Colorectal cancer (CRC) is a leading cause of cancer-related mortality worldwide. The pathogenesis of CRC is complex with molecular subtypes defined by pathways of sequential (epi-) genetic alterations and different forms of genomic instability. The management of CRC has evolved considerably over the past decade, consisting of surgery and treatment with radiation, chemotherapy or molecularly targeted agents. Population screening is progressively being introduced for early detection of disease. Decisions to use a particular treatment are principally related to primary site, TNM stage and comorbidity of the patient. Advances in the development of microarray and next-generation sequencing (NGS) technologies have enabled the possibility of personalized medicine for CRC, revolutionizing our knowledge of tumor biology, identifying prognostic and predictive biomarkers, and contributing new tools for diagnosis and surveillance. Genomic studies have identified new cancer driver genes and druggable targets, revealed substantial inter- and intra-tumor (epi-) genetic heterogeneity, and highlighted the importance of cell-of-origin, differentiation hierarchy, phenotypic plasticity and stromal contribution for tumor clinical behavior. Here, we review results of recent translational studies of the CRC genome, transcriptome, methylome and miRNAome, with a focus on tumor classification, diagnostic, prognostic and predictive findings.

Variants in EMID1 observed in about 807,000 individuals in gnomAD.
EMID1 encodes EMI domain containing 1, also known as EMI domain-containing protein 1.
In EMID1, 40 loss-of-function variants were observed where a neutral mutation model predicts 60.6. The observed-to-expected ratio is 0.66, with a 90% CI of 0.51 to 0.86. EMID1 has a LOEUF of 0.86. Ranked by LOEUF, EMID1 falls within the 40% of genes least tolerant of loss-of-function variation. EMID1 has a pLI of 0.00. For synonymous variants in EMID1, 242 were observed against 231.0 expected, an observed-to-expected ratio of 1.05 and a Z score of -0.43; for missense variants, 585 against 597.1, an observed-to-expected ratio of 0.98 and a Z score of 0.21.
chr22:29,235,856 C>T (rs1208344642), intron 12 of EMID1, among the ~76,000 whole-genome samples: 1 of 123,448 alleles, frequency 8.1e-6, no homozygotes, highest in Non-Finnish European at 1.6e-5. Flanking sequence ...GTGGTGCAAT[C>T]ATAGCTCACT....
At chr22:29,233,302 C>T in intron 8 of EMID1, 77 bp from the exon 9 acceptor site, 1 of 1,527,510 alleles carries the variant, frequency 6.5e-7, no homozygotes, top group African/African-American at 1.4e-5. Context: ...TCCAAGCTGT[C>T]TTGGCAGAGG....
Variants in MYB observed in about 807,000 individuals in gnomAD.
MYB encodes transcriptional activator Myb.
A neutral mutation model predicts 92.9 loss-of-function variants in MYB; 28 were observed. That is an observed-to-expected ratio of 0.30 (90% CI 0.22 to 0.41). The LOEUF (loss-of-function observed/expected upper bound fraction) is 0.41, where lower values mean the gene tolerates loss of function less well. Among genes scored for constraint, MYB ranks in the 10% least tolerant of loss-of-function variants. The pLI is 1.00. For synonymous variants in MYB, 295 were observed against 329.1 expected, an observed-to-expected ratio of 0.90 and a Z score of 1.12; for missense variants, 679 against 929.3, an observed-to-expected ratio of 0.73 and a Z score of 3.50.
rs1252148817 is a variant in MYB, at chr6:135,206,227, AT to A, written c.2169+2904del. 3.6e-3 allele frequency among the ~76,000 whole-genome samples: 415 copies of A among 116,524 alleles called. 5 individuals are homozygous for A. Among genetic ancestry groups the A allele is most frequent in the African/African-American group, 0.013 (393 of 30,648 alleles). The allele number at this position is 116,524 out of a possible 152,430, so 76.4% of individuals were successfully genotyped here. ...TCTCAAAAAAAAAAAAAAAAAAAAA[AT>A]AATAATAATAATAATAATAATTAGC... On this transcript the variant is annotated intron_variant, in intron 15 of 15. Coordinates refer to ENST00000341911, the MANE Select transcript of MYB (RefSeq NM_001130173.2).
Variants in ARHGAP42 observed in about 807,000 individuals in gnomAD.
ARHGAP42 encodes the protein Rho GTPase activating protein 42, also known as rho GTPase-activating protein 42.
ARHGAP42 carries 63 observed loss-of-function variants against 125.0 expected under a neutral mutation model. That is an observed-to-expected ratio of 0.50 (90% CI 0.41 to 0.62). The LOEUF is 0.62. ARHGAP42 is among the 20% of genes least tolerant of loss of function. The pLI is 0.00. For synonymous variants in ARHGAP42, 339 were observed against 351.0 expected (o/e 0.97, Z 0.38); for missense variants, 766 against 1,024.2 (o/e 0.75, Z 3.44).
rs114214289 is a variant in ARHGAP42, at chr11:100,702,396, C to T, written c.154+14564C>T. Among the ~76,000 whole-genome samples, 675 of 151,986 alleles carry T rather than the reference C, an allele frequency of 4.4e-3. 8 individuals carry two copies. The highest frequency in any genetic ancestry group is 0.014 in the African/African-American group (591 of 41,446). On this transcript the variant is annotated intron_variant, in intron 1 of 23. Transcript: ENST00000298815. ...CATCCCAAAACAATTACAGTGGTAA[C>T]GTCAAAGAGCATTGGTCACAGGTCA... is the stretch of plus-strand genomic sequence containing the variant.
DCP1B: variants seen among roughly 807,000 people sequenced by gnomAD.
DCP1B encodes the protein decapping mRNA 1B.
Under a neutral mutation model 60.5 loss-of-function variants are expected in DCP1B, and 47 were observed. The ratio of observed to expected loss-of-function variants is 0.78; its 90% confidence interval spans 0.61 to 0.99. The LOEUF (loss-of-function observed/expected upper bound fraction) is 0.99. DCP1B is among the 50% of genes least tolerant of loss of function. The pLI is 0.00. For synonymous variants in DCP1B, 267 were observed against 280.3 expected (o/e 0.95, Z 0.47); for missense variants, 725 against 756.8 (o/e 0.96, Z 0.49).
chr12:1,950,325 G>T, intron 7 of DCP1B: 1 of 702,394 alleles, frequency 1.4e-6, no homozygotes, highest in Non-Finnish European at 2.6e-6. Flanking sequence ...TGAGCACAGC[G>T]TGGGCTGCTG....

|Number of pages||21|
|Journal||Translational Cancer Research|
|Publication status||Published - 1 Jun 2015|
- Colorectal cancer (CRC)